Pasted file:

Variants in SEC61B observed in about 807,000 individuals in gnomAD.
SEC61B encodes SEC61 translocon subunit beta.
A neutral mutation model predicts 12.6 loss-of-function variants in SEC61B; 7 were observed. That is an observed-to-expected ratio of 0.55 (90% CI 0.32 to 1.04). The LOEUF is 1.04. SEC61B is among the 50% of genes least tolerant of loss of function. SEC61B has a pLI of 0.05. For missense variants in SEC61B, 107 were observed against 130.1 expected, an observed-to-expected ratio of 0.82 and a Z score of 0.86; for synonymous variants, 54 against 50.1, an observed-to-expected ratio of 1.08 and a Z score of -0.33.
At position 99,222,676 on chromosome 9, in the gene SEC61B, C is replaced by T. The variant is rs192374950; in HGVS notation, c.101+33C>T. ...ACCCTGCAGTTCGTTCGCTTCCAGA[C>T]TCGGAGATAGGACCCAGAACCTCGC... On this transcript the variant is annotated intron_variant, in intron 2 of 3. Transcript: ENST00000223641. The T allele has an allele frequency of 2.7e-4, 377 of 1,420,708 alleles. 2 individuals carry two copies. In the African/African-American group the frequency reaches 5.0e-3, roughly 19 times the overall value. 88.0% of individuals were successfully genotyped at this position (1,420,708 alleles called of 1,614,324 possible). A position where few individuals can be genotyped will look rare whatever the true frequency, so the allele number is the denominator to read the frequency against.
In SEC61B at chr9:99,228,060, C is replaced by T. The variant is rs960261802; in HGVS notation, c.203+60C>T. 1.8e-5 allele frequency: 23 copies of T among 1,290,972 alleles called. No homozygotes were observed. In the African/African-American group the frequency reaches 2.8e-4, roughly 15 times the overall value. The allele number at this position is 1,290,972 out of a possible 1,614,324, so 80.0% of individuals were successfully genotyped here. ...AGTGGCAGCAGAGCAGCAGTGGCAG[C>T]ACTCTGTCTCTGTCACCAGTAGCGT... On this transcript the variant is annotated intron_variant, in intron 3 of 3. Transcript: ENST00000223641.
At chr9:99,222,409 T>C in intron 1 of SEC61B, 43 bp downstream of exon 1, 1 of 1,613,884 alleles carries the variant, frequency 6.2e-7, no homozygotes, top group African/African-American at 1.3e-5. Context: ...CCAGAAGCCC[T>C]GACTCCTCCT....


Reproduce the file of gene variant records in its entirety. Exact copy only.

Variants in SEC61B observed in about 807,000 individuals in gnomAD.
SEC61B encodes SEC61 translocon subunit beta.
A neutral mutation model predicts 12.6 loss-of-function variants in SEC61B; 7 were observed. That is an observed-to-expected ratio of 0.55 (90% CI 0.32 to 1.04). The LOEUF is 1.04. SEC61B is among the 50% of genes least tolerant of loss of function. SEC61B has a pLI of 0.05. For missense variants in SEC61B, 107 were observed against 130.1 expected, an observed-to-expected ratio of 0.82 and a Z score of 0.86; for synonymous variants, 54 against 50.1, an observed-to-expected ratio of 1.08 and a Z score of -0.33.
At position 99,222,676 on chromosome 9, in the gene SEC61B, C is replaced by T. The variant is rs192374950; in HGVS notation, c.101+33C>T. ...ACCCTGCAGTTCGTTCGCTTCCAGA[C>T]TCGGAGATAGGACCCAGAACCTCGC... On this transcript the variant is annotated intron_variant, in intron 2 of 3. Transcript: ENST00000223641. The T allele has an allele frequency of 2.7e-4, 377 of 1,420,708 alleles. 2 individuals carry two copies. In the African/African-American group the frequency reaches 5.0e-3, roughly 19 times the overall value. 88.0% of individuals were successfully genotyped at this position (1,420,708 alleles called of 1,614,324 possible). A position where few individuals can be genotyped will look rare whatever the true frequency, so the allele number is the denominator to read the frequency against.
In SEC61B at chr9:99,228,060, C is replaced by T. The variant is rs960261802; in HGVS notation, c.203+60C>T. 1.8e-5 allele frequency: 23 copies of T among 1,290,972 alleles called. No homozygotes were observed. In the African/African-American group the frequency reaches 2.8e-4, roughly 15 times the overall value. The allele number at this position is 1,290,972 out of a possible 1,614,324, so 80.0% of individuals were successfully genotyped here. ...AGTGGCAGCAGAGCAGCAGTGGCAG[C>T]ACTCTGTCTCTGTCACCAGTAGCGT... On this transcript the variant is annotated intron_variant, in intron 3 of 3. Transcript: ENST00000223641.
At chr9:99,222,409 T>C in intron 1 of SEC61B, 43 bp downstream of exon 1, 1 of 1,613,884 alleles carries the variant, frequency 6.2e-7, no homozygotes, top group African/African-American at 1.3e-5. Context: ...CCAGAAGCCC[T>C]GACTCCTCCT....